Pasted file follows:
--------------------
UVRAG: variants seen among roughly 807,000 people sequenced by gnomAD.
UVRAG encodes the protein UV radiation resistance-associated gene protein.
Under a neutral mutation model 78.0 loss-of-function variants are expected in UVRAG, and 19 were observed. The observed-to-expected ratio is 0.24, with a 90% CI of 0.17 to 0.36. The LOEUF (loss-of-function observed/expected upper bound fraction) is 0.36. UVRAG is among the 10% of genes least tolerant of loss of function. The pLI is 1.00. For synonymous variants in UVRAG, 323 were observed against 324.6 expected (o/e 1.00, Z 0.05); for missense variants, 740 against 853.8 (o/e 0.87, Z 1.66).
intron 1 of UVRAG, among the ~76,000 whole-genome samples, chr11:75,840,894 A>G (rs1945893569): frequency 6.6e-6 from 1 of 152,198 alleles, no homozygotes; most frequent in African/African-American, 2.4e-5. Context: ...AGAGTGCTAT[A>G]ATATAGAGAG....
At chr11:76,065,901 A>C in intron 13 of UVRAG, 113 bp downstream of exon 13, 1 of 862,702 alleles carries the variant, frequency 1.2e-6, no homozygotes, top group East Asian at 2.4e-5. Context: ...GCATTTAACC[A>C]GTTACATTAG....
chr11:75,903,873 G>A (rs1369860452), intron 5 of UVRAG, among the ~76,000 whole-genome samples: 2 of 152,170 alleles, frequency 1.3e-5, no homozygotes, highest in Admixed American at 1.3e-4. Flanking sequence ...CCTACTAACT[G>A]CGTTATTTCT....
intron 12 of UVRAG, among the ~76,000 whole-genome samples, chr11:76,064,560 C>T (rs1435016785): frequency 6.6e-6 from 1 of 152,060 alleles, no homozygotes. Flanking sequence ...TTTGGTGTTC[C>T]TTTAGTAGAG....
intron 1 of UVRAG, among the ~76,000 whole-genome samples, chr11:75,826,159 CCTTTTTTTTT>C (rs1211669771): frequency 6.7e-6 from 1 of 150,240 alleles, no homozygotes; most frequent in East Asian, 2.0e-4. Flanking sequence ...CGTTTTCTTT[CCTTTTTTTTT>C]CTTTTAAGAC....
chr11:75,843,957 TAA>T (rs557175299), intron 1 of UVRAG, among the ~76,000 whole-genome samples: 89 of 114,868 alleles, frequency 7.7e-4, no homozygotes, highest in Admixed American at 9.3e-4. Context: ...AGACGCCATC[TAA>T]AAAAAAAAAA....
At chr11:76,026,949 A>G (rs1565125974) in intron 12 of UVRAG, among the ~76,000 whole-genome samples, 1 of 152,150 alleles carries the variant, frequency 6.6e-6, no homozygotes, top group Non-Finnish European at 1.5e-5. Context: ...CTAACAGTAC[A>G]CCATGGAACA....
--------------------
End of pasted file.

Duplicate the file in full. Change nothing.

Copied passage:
UVRAG: variants seen among roughly 807,000 people sequenced by gnomAD.
UVRAG encodes the protein UV radiation resistance-associated gene protein.
Under a neutral mutation model 78.0 loss-of-function variants are expected in UVRAG, and 19 were observed. The observed-to-expected ratio is 0.24, with a 90% CI of 0.17 to 0.36. The LOEUF (loss-of-function observed/expected upper bound fraction) is 0.36. UVRAG is among the 10% of genes least tolerant of loss of function. The pLI is 1.00. For synonymous variants in UVRAG, 323 were observed against 324.6 expected (o/e 1.00, Z 0.05); for missense variants, 740 against 853.8 (o/e 0.87, Z 1.66).
intron 1 of UVRAG, among the ~76,000 whole-genome samples, chr11:75,840,894 A>G (rs1945893569): frequency 6.6e-6 from 1 of 152,198 alleles, no homozygotes; most frequent in African/African-American, 2.4e-5. Context: ...AGAGTGCTAT[A>G]ATATAGAGAG....
At chr11:76,065,901 A>C in intron 13 of UVRAG, 113 bp downstream of exon 13, 1 of 862,702 alleles carries the variant, frequency 1.2e-6, no homozygotes, top group East Asian at 2.4e-5. Context: ...GCATTTAACC[A>C]GTTACATTAG....
chr11:75,903,873 G>A (rs1369860452), intron 5 of UVRAG, among the ~76,000 whole-genome samples: 2 of 152,170 alleles, frequency 1.3e-5, no homozygotes, highest in Admixed American at 1.3e-4. Flanking sequence ...CCTACTAACT[G>A]CGTTATTTCT....
intron 12 of UVRAG, among the ~76,000 whole-genome samples, chr11:76,064,560 C>T (rs1435016785): frequency 6.6e-6 from 1 of 152,060 alleles, no homozygotes. Flanking sequence ...TTTGGTGTTC[C>T]TTTAGTAGAG....
intron 1 of UVRAG, among the ~76,000 whole-genome samples, chr11:75,826,159 CCTTTTTTTTT>C (rs1211669771): frequency 6.7e-6 from 1 of 150,240 alleles, no homozygotes; most frequent in East Asian, 2.0e-4. Flanking sequence ...CGTTTTCTTT[CCTTTTTTTTT>C]CTTTTAAGAC....
chr11:75,843,957 TAA>T (rs557175299), intron 1 of UVRAG, among the ~76,000 whole-genome samples: 89 of 114,868 alleles, frequency 7.7e-4, no homozygotes, highest in Admixed American at 9.3e-4. Context: ...AGACGCCATC[TAA>T]AAAAAAAAAA....
At chr11:76,026,949 A>G (rs1565125974) in intron 12 of UVRAG, among the ~76,000 whole-genome samples, 1 of 152,150 alleles carries the variant, frequency 6.6e-6, no homozygotes, top group Non-Finnish European at 1.5e-5. Context: ...CTAACAGTAC[A>G]CCATGGAACA....